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4 of 4 people found the following review helpful By John Kimble VINE VOICE on 26 Jan. 2005
Format: Paperback
I'm a Grisham fan and unlike some, I wasn't disappointed by this book.
It details the story of a young lawyer, Clay Carter, who comes across the chance to sue a large company, via a class action suit, for a large financial reward.
Following through on his chance Clay is thrust into the big leagues of class action attourneys, and soon gets to meet fellow tort lawyers who have made their fortunes by signing up many clients and suing on their behalf, skimming off a hefty slice of the settlement for themselves.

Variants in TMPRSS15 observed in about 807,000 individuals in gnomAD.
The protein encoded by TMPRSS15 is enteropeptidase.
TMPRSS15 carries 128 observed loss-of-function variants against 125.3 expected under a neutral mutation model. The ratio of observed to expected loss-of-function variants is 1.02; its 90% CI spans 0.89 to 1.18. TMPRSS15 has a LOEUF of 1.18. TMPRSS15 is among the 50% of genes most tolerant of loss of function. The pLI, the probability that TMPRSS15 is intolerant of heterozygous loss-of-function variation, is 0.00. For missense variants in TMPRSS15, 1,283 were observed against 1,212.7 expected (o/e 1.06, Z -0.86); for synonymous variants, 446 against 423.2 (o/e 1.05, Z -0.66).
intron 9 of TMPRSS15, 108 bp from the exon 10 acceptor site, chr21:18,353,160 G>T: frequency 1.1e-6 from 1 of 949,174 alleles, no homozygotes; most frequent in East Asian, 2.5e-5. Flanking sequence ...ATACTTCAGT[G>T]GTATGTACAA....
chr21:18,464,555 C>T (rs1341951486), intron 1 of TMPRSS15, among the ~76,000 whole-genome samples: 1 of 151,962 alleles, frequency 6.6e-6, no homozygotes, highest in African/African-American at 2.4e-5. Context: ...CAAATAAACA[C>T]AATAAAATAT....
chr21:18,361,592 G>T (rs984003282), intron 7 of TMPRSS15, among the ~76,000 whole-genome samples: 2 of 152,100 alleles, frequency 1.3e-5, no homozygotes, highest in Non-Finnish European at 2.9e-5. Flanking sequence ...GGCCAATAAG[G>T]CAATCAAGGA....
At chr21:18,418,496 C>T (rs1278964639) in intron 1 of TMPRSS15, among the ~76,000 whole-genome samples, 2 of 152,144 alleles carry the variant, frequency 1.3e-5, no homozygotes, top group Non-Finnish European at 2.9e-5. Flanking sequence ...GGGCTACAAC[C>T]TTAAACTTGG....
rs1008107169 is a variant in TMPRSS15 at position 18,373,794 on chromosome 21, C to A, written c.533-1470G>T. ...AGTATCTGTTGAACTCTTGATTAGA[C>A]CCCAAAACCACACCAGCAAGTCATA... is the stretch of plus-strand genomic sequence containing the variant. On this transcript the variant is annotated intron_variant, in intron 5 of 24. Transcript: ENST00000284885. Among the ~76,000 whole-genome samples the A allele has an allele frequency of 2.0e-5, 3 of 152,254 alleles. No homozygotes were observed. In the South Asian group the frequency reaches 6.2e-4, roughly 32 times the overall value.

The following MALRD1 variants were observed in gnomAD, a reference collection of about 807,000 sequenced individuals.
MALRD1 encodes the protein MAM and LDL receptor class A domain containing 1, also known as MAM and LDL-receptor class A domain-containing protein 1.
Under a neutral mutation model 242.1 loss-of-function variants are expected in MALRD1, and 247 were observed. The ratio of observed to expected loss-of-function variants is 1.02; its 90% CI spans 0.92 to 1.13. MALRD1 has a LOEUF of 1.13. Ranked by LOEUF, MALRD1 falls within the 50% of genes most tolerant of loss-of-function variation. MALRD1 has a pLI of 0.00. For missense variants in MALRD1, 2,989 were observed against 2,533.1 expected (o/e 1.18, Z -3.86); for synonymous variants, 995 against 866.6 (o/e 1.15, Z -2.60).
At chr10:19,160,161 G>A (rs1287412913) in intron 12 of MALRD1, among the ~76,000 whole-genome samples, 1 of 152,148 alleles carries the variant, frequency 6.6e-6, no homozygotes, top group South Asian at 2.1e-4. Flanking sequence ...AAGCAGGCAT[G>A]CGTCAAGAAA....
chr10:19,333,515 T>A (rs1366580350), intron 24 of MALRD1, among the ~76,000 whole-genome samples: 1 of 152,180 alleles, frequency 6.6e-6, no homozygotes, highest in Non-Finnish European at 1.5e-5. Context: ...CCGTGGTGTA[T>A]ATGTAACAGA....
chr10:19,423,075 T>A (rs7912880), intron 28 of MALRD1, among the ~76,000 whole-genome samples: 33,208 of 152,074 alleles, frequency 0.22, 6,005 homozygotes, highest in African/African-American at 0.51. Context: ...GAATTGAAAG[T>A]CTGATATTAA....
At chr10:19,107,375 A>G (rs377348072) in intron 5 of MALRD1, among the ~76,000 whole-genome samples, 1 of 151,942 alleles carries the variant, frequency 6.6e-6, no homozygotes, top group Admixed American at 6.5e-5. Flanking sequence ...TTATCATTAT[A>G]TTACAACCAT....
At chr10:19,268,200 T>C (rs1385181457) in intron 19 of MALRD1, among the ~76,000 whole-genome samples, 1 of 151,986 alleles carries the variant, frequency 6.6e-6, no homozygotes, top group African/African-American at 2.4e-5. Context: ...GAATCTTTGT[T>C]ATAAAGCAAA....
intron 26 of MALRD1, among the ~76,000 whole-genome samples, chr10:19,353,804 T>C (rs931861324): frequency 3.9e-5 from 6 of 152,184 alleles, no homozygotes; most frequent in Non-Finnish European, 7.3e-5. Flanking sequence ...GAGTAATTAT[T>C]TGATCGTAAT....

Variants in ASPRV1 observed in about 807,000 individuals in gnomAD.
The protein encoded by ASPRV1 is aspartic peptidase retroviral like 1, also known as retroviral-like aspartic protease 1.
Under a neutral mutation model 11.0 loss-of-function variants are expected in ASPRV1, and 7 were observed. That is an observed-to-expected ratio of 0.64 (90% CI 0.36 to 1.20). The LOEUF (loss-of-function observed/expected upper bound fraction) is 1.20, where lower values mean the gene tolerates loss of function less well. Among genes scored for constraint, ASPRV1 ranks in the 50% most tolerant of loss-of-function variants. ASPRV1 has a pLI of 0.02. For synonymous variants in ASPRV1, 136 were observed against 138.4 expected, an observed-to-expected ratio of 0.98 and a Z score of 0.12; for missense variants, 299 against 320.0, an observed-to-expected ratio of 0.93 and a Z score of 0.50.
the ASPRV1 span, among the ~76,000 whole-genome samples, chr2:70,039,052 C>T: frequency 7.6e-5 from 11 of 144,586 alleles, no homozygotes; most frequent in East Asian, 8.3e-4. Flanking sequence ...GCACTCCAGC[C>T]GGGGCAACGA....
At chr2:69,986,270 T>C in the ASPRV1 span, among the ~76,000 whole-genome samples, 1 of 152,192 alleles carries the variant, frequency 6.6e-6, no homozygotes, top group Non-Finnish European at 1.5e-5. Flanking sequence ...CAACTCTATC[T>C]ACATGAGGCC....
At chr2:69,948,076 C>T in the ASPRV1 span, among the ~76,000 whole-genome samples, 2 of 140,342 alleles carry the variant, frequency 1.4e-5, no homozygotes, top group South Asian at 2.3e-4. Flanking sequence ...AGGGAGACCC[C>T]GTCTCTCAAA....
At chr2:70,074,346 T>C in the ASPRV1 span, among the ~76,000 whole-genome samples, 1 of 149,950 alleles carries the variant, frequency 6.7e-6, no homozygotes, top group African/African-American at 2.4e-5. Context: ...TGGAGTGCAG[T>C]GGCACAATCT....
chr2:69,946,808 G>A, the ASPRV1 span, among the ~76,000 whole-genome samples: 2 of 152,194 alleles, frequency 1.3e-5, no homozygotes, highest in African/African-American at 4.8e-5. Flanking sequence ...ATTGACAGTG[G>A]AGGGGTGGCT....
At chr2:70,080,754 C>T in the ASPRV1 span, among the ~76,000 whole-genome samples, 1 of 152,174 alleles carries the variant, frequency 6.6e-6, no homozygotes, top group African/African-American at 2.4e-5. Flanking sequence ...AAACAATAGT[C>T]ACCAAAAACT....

He feels good about himself and getting carried away sees the opportunity to earn another bucket of money, and jumps in feet first .
This is a story of greed and excess at the expense of the people you should be there to protect. I feel its an example of how the focus today is on the quick and easy buck at the expence of what you may have initially set out to achieve, with a valuable lesson learned at the end.
All in all I think this is a solid enough read
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1 of 1 people found the following review helpful By Anna Klein on 4 Mar. 2003
Format: Hardcover